Pocket Treasures: Spaceteam

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Monsters, Aliens, and Holes in the Ground

Much like Douglas Wilson’s Johann Sebastian Joust, former BioWare programmer Henry Smith’s new iOS game Spaceteam embraces the play that happens on this side of the screen, between players. What’s happening on your phone’s screen is largely only there to facilitate the experience between the players as they yell commands at each other in a collaborative attempt to avoid being consumed by an exploding star.

Whereas Johann Sebastian Joust has players competitively swing limbs at each other, Spaceteam is cooperative and non-contact. But that shouldn’t imply that it isn’t as stressful, frantic and as likely to force you into yelling and cursing at your friends.

Two to four players are together on a space ship, each sitting at their own panel of knobs and buttons and sliders and switches that need to be constantly fiddled with as per the ship’s commands in order to not be consumed by the intergalactic fireball on your tail. The only problem is that the commands the ship gives you are probably not for your own panel; most likely they belong to another player. So you have to tell them what to do because they can’t see this command. So you shout out “Turn the flabbogabber to 10!” But, at the same time, they are telling you to “Pay the taxes!” and then there is an asteroid and another player is telling everyone to shake their damn devices already.

The true beauty of the game is how things escalate. The first few stages pass relatively easily. But then you might encounter your first magnetic storm (causing panels to come unhinged and spiral around the screen, requiring you to drag them back into place) or a slime containment malfunction (causing green slime to drip down and obscure your panels, requiring you to wipe them clean), and all of a sudden it is like trying to engage in a heated intellectual debate while also spinning plates.

At the same time, panel element names are getting longer and longer, and you might have a 10-syllable dial that needs to be cranked to 11. Or, for increased hilarity, they might not even have names but pictographic symbols, causing you to shout “Little man to five!” or “Downstairs Arrow to off!” Perhaps the greatest risk to your safety is not being able to bark commands over your own laughter.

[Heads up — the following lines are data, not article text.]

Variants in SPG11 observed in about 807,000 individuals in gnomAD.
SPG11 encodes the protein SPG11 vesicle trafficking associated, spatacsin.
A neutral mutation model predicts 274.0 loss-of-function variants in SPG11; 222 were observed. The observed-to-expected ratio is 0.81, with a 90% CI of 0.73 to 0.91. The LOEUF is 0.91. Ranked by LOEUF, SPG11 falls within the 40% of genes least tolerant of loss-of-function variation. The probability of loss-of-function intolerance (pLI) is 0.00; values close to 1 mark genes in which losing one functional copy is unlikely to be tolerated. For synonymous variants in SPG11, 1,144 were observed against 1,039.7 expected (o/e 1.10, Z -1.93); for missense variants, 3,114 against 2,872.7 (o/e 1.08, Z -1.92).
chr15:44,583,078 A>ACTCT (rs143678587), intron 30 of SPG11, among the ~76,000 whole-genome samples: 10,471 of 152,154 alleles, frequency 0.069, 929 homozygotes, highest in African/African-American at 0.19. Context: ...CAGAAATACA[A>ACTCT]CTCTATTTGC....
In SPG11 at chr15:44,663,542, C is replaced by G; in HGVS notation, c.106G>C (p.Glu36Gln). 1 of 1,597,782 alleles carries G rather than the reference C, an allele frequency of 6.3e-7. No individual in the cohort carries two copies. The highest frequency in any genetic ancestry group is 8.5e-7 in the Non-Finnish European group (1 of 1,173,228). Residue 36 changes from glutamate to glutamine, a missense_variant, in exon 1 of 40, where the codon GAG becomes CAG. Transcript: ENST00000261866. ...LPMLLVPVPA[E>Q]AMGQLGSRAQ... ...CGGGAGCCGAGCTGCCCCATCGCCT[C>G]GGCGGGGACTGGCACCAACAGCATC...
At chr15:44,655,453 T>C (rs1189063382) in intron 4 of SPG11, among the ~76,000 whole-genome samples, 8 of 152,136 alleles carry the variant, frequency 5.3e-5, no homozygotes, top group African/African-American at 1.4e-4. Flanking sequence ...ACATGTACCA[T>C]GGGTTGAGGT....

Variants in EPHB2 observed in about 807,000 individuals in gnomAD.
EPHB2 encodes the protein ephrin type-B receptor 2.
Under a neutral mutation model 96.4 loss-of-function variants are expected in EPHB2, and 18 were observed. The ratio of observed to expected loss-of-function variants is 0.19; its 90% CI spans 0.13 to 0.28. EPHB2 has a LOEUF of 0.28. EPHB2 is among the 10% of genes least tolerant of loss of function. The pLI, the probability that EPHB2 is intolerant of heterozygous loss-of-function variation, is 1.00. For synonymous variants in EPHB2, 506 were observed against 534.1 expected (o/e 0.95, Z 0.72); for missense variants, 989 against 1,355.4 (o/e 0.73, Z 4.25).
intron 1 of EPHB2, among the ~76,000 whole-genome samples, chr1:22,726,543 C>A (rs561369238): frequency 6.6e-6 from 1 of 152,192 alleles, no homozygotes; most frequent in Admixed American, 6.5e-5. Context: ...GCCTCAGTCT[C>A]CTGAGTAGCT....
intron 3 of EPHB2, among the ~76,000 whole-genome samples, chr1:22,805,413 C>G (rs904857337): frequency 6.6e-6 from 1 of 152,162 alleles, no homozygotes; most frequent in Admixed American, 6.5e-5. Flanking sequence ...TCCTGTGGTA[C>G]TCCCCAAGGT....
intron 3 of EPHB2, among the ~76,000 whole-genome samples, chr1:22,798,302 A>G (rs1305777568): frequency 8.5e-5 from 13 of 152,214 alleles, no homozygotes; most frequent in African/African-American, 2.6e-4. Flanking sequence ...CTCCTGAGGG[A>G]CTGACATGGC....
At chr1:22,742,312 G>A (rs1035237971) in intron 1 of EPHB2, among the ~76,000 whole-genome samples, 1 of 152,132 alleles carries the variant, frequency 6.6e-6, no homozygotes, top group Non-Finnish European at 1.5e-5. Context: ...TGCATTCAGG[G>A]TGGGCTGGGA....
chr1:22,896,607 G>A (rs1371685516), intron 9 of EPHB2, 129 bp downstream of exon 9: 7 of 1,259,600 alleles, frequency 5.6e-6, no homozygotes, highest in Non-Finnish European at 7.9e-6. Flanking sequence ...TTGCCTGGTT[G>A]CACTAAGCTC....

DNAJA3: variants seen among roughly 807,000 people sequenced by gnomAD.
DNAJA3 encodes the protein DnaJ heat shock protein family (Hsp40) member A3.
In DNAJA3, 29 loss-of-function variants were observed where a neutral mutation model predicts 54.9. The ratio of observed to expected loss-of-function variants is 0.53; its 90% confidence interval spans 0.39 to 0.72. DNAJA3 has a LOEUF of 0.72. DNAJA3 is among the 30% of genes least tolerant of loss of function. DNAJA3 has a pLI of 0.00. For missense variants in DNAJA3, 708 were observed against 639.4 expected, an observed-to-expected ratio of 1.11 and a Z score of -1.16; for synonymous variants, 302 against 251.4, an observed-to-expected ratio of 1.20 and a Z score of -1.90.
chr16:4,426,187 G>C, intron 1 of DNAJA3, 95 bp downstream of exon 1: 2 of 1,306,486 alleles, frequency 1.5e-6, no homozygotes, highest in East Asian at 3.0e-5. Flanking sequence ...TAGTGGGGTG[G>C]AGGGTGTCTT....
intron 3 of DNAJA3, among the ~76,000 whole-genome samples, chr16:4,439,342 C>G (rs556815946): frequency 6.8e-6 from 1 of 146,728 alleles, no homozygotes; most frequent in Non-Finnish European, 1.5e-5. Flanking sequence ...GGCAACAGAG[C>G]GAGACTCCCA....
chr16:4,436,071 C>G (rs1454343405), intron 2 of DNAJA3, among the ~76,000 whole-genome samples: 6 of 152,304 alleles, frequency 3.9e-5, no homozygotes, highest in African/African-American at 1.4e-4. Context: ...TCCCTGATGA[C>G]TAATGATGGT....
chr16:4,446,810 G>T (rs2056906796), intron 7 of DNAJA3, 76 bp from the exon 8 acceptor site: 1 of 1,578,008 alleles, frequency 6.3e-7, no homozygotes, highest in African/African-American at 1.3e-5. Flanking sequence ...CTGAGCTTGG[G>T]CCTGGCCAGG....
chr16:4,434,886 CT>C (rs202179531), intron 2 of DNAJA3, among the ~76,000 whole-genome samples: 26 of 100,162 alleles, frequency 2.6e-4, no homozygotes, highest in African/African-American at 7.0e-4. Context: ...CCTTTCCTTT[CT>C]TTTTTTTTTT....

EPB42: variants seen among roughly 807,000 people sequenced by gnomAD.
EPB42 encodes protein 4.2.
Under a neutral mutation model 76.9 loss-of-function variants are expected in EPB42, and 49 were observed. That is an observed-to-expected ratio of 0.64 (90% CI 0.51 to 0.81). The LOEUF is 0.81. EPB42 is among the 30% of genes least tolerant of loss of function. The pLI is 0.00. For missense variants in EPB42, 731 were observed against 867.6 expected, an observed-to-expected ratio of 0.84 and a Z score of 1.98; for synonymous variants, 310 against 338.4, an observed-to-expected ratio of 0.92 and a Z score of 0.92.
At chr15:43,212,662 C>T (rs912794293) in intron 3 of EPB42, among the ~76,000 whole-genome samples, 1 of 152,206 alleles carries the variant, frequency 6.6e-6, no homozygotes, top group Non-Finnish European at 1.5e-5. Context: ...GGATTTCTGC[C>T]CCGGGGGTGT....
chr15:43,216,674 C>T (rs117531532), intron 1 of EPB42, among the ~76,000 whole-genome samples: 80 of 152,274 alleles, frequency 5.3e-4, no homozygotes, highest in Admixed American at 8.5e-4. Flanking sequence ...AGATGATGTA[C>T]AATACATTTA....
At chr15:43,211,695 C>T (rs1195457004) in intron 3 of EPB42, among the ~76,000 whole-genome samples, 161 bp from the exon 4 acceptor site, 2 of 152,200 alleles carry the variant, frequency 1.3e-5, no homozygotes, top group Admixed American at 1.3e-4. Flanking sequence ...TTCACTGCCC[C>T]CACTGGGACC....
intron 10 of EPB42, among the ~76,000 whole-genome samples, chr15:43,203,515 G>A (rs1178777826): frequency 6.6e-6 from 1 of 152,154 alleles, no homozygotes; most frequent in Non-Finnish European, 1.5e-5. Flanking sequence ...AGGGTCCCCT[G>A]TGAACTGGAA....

It’s a fine balance between listening to your companions and making sure they heard you. It can be easy to lose your patience and get mad. I’ll confess to having gone off at my partner for not flicking a switch that moments later I realized was on my own screen. It’s all part of the fun of trying to work together in an increasingly doomed scenario.

But written words don’t really do justice to the fraying sensation that is trying to stay on top of a game of Spaceteam. Instead, here is a video of me and my partner playing a game and slowly crumbling beneath the pressure:

Things escalate further when a third or fourth player is added to the mix. Now you are getting commands and you don’t know who needs to hear them. Instead, everyone just shouts into the space between and hopes they end up at the right ears.

Perhaps the biggest hurdle the game faces, though, is finding multiple people with the app on their iOS devices in close proximity to each other. But the game is free (with an in-app purchase to unlock Game Center and to actually give Henry Smith his well-earned dollar), so convincing a friend to grab it shouldn’t be difficult. The game can also be played across two devices with the same Apple account, if you own an iPhone and an iPad. It also works over Wi-Fi or Bluetooth. Anything that would stand in the way of a local multiplayer iOS game actually working has been considered here.

The attention paid to making sure the game has as few barriers for players as possible is indicative of just how much care and polish Smith has put into this game. From the perfectly crafted tongue-twisting words that you have to shout out, to the little touch of having to wipe away that damn slime, Spaceteam is exemplary at how to make a videogame fun on this side of the screen.

Much as Johann Sebastian Joust makes gesture controls work by not needing a computer to act as a referee, so does Spaceteam make voice controls work by not needing the computer to understand what you are saying. Instead, it’s the other players who need to understand you. The game’s words and commands are perfectly crafted to twist your tongue and your mind while your fingers are still distracted with everything happening on the screen. This has been a phenomenal year for iOS games, but few have facilitated such a pure sensation of play as Spaceteam.

Games, Review